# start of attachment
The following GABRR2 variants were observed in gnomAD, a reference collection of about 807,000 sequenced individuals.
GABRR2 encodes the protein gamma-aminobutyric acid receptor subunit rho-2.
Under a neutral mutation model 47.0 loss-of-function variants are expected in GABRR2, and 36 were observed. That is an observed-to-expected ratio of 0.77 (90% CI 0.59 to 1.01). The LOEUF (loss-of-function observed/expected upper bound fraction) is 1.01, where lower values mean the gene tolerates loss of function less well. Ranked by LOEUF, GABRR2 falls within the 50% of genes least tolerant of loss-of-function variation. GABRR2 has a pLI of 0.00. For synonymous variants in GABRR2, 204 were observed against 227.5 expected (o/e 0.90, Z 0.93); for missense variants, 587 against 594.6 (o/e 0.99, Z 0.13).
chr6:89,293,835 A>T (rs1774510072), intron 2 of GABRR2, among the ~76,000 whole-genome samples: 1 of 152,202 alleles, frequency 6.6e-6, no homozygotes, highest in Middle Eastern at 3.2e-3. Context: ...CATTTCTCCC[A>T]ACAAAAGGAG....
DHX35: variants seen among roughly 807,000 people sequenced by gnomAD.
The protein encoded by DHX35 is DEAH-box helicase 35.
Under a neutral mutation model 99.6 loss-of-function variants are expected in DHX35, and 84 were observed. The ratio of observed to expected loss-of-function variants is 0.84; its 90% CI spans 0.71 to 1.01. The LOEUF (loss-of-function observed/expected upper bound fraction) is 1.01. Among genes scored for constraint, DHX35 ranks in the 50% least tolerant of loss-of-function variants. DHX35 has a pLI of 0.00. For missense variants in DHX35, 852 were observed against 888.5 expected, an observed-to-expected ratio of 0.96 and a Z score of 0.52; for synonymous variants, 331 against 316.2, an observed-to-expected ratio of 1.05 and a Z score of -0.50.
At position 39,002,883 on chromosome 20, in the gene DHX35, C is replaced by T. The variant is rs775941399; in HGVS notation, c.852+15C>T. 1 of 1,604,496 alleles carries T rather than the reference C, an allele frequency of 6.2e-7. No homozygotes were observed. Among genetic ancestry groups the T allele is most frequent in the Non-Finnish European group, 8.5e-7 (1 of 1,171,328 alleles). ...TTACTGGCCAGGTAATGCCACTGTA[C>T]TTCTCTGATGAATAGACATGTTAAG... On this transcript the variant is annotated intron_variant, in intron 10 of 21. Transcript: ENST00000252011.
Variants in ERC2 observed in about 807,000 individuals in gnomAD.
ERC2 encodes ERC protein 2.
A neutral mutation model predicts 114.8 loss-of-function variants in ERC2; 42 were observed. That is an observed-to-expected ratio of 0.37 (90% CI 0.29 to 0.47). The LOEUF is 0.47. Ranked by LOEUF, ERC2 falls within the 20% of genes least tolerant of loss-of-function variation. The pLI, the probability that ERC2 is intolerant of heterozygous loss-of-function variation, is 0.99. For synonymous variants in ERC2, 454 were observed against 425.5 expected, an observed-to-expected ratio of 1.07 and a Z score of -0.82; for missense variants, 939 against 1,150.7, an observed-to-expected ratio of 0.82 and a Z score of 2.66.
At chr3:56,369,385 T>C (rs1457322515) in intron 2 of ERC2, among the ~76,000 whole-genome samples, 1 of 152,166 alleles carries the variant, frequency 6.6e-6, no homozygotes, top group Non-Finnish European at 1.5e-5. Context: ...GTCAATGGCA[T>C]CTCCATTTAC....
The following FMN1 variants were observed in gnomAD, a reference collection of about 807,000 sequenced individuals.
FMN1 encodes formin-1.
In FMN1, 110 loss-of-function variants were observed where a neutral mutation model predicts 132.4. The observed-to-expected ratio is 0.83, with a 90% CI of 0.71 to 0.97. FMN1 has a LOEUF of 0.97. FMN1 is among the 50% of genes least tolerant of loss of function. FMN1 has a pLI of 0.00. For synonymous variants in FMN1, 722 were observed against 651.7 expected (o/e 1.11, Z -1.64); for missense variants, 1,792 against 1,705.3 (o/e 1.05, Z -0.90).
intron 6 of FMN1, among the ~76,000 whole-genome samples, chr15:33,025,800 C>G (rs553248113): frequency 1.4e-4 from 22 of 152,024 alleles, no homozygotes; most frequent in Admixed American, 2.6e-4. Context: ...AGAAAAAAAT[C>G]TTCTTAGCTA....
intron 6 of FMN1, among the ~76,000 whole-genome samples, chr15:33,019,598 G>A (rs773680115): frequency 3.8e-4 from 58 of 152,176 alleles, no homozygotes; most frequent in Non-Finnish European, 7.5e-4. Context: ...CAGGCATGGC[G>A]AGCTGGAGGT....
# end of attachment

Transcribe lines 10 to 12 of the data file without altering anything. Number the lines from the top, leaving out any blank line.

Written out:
ERC2 encodes ERC protein 2.
A neutral mutation model predicts 114.8 loss-of-function variants in ERC2; 42 were observed. That is an observed-to-expected ratio of 0.37 (90% CI 0.29 to 0.47). The LOEUF is 0.47. Ranked by LOEUF, ERC2 falls within the 20% of genes least tolerant of loss-of-function variation. The pLI, the probability that ERC2 is intolerant of heterozygous loss-of-function variation, is 0.99. For synonymous variants in ERC2, 454 were observed against 425.5 expected, an observed-to-expected ratio of 1.07 and a Z score of -0.82; for missense variants, 939 against 1,150.7, an observed-to-expected ratio of 0.82 and a Z score of 2.66.
At chr3:56,369,385 T>C (rs1457322515) in intron 2 of ERC2, among the ~76,000 whole-genome samples, 1 of 152,166 alleles carries the variant, frequency 6.6e-6, no homozygotes, top group Non-Finnish European at 1.5e-5. Context: ...GTCAATGGCA[T>C]CTCCATTTAC....